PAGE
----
And the race: it was won by Lucas Luhr and Klause Graf with the Muscle Milk (Honda) HPD ARX-03c. Ryan Briscoe
and Scott Tucker won the LMP2 class with a HPD ARX-03b. Briscoe and his team were penalized seven points for
“avoidable contact” after bumping Guy Cosmos. The term “avoidable contact” bothers me. It almost implies the
drivers deliberately shunt each other. They don’t.
After seeing an Aussie win (Ryan Briscoe) and listening to his clear and articulated accent I fired up my 911 and
headed back to NH with the sunset behind me. Labor Day is next.
Patrick Dempsey. An excellent driver with a day job as
Patrick Long. Always a smile for the photographers
52 Northlander August 2013
Ferrari PR ladies The Grid Ladies. Always a smile for the photographers
54 Northlander August 2013
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Running with Boston BMWCCA by Rich Willey
I had my first ever driving experience with an organization other than NCR in late June, at NHMS. Here are a few
highlights if you are interested in driving in their events.
You do not have to own a BMW to join BMWCCA. In fact there were several Porsches and Corvettes at my event
along with a Honda S2000, an Acura, Mini’s and a few Mazda’s. There was even an M5 with no side or rear glass.
But by far the car of choice was an E30 or E36 M3 with significant mods.
The drivers are a diverse lot, although on a whole they seem to be a bit younger and more of a shorts and sandals
crowd, at least before they start driving. Things in general seem more casual, although there were some drivers with
data logging software and multiple sets of tires attempting to shave a tenth.
The procedures are similar to PCA DE’s with waivers, track sign in, driver’s meetings, and car inspection forms, although
you can fill in the inspection form yourself if you deem yourself competent. I am not sure what you might be asked
on the day of the event if you do not use a known garage for the inspection. Track day inspection is only done on day
one of a multiple day event. It is done in the cold pits, and there are a few differences from PCA. 1) They perform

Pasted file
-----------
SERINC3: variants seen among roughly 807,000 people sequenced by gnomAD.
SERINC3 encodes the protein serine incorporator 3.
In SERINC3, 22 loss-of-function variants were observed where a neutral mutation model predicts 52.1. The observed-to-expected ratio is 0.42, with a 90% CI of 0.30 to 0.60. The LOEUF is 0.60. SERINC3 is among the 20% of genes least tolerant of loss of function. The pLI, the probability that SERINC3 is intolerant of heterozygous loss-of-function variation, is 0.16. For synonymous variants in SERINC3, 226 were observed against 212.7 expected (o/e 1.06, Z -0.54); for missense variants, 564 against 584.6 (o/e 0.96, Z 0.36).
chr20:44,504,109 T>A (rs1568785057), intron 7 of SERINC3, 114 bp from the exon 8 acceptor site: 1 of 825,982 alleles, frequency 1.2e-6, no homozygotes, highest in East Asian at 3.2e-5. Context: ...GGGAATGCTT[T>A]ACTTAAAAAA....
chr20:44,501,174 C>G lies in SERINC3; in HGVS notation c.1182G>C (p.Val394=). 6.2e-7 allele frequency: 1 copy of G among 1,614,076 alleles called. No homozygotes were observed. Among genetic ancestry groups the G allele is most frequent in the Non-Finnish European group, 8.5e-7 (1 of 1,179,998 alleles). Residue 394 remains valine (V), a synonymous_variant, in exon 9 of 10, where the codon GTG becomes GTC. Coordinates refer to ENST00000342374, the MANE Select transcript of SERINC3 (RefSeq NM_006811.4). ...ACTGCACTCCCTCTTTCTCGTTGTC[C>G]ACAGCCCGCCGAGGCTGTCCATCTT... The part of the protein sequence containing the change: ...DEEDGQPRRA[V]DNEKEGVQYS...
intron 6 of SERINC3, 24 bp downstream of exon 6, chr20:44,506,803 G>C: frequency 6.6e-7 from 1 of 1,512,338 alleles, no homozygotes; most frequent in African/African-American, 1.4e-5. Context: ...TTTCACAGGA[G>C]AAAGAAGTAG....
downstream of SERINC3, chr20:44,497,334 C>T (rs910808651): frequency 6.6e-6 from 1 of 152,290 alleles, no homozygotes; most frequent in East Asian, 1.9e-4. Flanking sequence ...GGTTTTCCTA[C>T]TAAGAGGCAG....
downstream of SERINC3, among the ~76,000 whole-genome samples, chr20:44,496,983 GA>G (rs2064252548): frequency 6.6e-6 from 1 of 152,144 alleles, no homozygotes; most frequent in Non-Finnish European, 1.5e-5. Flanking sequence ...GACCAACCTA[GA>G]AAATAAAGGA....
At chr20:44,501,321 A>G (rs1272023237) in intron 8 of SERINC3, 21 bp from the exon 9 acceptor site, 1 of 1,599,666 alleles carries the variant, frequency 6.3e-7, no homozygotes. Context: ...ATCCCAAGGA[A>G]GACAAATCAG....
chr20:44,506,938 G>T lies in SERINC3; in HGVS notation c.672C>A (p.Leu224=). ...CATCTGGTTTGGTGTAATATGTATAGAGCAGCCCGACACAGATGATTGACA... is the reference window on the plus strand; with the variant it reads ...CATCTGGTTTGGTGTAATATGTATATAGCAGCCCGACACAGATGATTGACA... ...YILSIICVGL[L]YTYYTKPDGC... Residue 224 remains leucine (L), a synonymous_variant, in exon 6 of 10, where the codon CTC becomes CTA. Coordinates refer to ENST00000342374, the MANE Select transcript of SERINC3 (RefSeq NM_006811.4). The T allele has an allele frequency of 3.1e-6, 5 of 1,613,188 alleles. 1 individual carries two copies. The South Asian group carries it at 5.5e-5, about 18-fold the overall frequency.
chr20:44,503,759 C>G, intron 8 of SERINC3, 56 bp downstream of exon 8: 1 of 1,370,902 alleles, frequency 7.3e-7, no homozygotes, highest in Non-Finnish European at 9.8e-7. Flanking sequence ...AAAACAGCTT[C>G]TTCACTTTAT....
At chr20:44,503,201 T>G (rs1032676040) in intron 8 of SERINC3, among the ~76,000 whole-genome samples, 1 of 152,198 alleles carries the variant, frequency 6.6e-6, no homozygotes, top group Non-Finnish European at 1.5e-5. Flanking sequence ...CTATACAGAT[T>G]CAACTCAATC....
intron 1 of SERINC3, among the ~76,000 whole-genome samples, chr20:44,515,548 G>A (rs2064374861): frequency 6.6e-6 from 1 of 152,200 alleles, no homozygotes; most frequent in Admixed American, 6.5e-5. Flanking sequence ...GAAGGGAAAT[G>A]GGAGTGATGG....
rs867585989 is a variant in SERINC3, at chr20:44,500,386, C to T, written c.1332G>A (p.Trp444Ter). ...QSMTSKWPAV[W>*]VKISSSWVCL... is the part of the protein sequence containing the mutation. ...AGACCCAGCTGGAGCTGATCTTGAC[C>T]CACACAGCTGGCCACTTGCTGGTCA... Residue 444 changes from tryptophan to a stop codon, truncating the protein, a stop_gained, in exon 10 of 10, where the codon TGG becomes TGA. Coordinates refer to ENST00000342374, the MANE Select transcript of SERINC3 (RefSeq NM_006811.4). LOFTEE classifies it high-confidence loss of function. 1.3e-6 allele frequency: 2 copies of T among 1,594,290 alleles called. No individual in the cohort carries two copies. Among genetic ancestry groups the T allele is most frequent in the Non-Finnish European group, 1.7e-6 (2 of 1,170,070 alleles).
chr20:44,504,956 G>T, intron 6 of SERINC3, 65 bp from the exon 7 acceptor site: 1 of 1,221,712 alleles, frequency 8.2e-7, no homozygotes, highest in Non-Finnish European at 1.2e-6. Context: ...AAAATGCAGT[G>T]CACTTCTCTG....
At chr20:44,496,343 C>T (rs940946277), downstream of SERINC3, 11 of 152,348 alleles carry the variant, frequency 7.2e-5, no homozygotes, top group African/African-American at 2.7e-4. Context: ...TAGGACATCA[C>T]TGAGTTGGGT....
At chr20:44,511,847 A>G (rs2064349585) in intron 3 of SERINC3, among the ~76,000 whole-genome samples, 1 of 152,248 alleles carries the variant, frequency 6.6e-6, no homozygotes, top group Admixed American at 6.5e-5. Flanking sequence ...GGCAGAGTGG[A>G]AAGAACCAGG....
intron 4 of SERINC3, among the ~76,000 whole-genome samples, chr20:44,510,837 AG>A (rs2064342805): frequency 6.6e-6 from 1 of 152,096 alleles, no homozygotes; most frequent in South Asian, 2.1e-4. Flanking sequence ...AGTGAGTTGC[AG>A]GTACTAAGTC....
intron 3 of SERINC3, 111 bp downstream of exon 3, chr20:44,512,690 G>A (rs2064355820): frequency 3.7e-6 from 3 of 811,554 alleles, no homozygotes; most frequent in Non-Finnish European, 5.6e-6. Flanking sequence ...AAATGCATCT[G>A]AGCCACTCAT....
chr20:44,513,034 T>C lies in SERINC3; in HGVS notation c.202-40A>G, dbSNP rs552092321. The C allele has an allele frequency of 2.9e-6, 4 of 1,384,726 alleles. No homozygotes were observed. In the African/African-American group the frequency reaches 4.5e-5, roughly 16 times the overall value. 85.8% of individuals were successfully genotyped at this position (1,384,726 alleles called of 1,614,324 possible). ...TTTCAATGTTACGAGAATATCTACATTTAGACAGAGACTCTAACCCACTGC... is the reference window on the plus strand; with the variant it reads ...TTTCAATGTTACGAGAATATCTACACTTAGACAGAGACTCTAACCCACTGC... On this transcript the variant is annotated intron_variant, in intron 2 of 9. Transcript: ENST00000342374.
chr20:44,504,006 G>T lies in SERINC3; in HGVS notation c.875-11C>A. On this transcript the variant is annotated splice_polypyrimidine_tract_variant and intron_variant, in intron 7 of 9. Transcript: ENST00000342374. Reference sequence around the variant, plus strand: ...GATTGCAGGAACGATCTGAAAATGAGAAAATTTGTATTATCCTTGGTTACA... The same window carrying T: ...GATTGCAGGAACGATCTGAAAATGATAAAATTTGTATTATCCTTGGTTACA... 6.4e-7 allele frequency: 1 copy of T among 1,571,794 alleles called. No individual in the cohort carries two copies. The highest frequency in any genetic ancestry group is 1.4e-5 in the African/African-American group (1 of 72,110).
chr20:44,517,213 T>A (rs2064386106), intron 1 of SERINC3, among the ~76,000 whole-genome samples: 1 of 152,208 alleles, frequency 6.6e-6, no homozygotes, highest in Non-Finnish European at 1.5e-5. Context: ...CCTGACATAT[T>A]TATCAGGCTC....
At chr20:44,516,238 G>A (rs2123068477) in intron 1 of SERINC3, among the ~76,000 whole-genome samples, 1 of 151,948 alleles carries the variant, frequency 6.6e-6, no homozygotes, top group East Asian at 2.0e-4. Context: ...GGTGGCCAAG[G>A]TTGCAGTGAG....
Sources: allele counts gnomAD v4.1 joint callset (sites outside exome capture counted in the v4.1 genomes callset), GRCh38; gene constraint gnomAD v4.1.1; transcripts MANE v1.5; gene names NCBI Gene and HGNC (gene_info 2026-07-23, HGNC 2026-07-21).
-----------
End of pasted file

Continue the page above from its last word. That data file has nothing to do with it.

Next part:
a brake fluid water content test during the track side inspection. 2) BMWCCA requires that brake fluid be no more
than 6 months old. 3) They don’t torque lugs but do check for play in your wheel bearings and control arms (a known
issue with older Bimmers and yes, the 325 has new lower control arms).
Currently the Boston chapter separates drivers into 5 levels based on your number of track days, not skill level. Level
0 = instructors, then 1 = most experienced, to 4 = newbie. They put me in level 2. What were they thinking? They
are moving to a skills based approach (6 categories) similar to PCA’s 5 run groups but I expect this will be a challenge
and take some time to implement.
Besides a daily driver meeting, class sessions (30-60 minutes) are mandatory for each driver group, each day. They
take attendance. One of these was conducted by their Chief Instructor who was very informative and asked us
questions as well as answered ours.
Everyone has an instructor on day one. This presents a challenge as every instructor has at least 2 students and if
their students are in back to back run groups and you are in the second group, be prepared to lose a few laps till your
instructor swaps cars. BUT they sign-off on soloing in groups 1 and 2 during the event, so I got to solo the second day.
Other differences. BMWCCA is slightly more expensive than NCR. No reserved garages except for instructors and
no fee for a garage. To get a stall, get there and queue up for registration early and then make a dash to put your
folding chair in a garage stall. Drivers at level 3 can run R compound tires. OMG! No requirement for long sleeve
shirts but I didn’t see anyone driving in shorts. Side glass does have to be down but only on the side where a seat is
occupied. You get 4 runs a day in your level and they combine Level 1 and 2 solo drivers for one additional run each
afternoon. That’s up to five, 20-25 minute runs a day. Levels 3 and 4 cannot pass between turns 10 and 11. You